A Rundown on IV Hydration Therapy

When temperatures rise, so does dehydration. Luckily, IV therapy is a fast way to deliver fluids to the body.

By Lauren Hudson – May 1, 2023

Summer is a season synonymous with late nights at the lake, tennis matches all day, margaritas by the pool, and, unfortunately and inevitably, dehydration.

Dehydration is a prevalent and often overlooked problem. Research suggests that 98% of athletes are at least mildly dehydrated. Furthermore, there are serious implications for being dehydrated, with decrements in physical and cognitive performance noticeable when 2% or more of body weight is lost due to physical exertion or heat.

So, is there a solution to this dehydration situation? Health and wellness proponents say there is — in the form of IV hydration therapy. What is IV hydration therapy?

As the name implies, IV hydration therapy involves inserting an IV into your arm to administer fluids directly into your circulation. IV infusion has been used in clinical settings since 1832 and was pioneered by Dr. Thomas Latta during the cholera epidemic. However, though having been long used for treating hospital patients, it’s only recently that the therapy has evolved into a wellness treatment.

IV hydration therapy works by allowing fluids to directly circulate by bypassing the digestive tract, providing hydration in a swift way that drinking fluids alone cannot. The fluids are varying concoctions of vitamins, minerals, electrolytes and antioxidants that are sold as prepackaged solutions and customized bags.

One such popular IV bag that many are purchasing is the “Myers’ cocktail,” an infusion made up of magnesium, calcium, B vitamins, and vitamin C that has been shown to be effective in the treatment of exhaustion (including chronic fatigue syndrome) migraines, asthma attacks, fibromyalgia and acute muscular spasms. Other popular infusions include blends with names like “Hangover” and “Immune Boost,” which typically consist of different combinations of vitamins such as B-complex, vitamin B12, vitamin C, glutathione and more.

Who is the therapy for?

Jon Barnhill, co-owner of local Austin business IV Bird, says there are two main types of consumers interested in undergoing IV hydration therapy — the first being “people interested in wellness who want to tap into their body and ensure their fluids are at 100% at all times.” Barnhill says these people commonly include “athletes training pre- or post-marathon, people that travel frequently and those who don’t want to get sick.”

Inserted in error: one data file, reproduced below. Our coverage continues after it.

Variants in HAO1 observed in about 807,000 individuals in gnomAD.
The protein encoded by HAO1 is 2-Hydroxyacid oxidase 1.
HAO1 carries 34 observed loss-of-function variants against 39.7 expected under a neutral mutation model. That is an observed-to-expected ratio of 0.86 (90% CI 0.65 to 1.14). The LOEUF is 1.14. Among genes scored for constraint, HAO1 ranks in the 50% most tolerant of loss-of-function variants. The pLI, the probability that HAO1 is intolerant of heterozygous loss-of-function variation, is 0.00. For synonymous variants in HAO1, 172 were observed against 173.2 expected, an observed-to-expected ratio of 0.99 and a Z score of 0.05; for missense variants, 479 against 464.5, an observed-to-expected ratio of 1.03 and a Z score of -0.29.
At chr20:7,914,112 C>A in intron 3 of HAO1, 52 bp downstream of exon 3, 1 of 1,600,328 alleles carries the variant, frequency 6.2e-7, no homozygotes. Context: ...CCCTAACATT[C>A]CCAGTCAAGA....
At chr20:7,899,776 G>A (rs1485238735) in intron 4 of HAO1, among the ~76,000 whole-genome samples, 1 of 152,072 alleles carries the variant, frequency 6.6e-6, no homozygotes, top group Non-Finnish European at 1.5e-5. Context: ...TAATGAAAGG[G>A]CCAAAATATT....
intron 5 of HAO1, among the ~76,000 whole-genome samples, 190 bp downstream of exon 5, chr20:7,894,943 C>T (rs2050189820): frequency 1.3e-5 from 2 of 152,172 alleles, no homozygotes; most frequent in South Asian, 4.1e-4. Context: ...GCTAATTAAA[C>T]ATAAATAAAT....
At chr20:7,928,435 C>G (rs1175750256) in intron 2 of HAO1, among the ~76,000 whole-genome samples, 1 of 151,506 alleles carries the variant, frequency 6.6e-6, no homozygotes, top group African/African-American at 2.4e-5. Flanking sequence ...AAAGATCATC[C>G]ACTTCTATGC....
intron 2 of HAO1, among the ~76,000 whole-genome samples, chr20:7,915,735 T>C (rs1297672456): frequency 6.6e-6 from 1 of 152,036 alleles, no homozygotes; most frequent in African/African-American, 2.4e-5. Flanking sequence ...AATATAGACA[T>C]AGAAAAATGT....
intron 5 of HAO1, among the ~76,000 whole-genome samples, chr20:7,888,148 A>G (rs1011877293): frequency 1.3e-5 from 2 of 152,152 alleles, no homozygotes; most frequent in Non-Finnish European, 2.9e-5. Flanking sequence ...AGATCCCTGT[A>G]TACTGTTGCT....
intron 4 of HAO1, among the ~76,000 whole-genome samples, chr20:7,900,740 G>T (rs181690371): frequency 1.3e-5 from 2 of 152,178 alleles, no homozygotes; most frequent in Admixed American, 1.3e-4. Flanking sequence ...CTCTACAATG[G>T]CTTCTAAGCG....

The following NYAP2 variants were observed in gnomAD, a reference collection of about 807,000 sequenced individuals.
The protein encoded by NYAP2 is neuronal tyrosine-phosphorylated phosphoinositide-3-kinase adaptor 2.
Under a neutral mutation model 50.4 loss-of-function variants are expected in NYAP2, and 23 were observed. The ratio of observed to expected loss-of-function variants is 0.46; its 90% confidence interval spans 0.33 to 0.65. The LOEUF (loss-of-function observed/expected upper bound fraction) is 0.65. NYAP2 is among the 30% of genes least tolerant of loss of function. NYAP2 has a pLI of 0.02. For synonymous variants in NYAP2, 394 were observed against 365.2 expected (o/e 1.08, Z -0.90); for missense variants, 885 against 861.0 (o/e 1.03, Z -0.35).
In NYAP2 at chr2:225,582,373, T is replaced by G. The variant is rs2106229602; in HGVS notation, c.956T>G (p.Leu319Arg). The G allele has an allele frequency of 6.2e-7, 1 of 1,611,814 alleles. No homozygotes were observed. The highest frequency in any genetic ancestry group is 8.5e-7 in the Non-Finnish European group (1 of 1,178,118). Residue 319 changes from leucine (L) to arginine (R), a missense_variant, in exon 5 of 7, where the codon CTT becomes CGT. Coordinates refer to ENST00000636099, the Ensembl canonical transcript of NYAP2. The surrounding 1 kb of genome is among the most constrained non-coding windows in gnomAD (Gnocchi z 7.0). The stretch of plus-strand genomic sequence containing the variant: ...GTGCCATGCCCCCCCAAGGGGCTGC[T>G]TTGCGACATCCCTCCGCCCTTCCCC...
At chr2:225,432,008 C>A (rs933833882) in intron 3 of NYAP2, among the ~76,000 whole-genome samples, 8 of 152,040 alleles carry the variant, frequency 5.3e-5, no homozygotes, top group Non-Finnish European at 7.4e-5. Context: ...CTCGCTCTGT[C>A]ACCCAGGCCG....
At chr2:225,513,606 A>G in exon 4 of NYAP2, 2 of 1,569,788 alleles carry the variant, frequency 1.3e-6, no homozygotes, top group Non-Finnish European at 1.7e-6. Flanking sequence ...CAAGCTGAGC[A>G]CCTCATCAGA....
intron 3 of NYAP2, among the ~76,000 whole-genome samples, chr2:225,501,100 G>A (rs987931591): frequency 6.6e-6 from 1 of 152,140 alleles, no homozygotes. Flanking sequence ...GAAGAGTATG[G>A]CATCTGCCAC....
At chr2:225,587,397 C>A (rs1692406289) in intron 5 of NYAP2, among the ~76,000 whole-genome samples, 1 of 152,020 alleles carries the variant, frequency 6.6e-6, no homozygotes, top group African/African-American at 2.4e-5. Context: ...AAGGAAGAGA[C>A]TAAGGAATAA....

The secondary market for IV hydration therapy is those who are hungover and looking to attenuate their symptoms. Barnhill says this is particularly true in Austin.

“We have a revolving door of visitors coming into the city,” Barnhill says. “We get a lot of bachelorette and bachelor parties.”

Many wishing to stave off nausea, sluggishness and headaches typically associated with hangover report feeling better and having an enhanced feeling of recovery after undergoing the IV therapy. In fact, Barnhill’s business and others offer an infusion specifically formulated to combat hangovers, which acts by quickly delivering fluids to the bloodstream.

Lastly, those suffering from chronic illness also seek IV treatment, and different solutions are offered depending on their disease processes and the benefits sought. Many infusions are available, and requesting something specific to you and your health needs is possible.

How does it work?

IV hydration therapy is a relatively fast and convenient process, as many infusion providers, including IV Bird, are mobile and will come to your house on demand. Once there, a licensed phlebotomist will administer the treatment. Barnhill says most appointments are only about 30 minutes long.

Mobile services are excellent options for those feeling under the weather and unable to travel to receive treatment. Many businesses also offer in-person “IV drip bars” for those who prefer a more professional setting.

What are the risks?

IV therapy has its fair share of skeptics who believe the therapy is ineffective as a wellness treatment. Though IV infusion administered in a clinical setting is highly researched, some believe there’s a lack of evidence for those looking to take their health into their own hands. Furthermore, Barnhill says there are risks and contraindications for receiving the treatment.

“Some things to look out for that would result in us turning someone away is anyone with congestive heart failure or chronic kidney disease,” Barnhill says.

Though IV therapy is generally safe, there are a few risks to be aware of when it comes to IV insertions. Some of these include infections, bleeding at the insertion site, swelling, medication dosing errors, blood clotting and more.

Either way, it’s always important to be safe when trying any new therapy or treatment, and when in doubt, ask your doctor if IV hydration therapy is the right choice for you.


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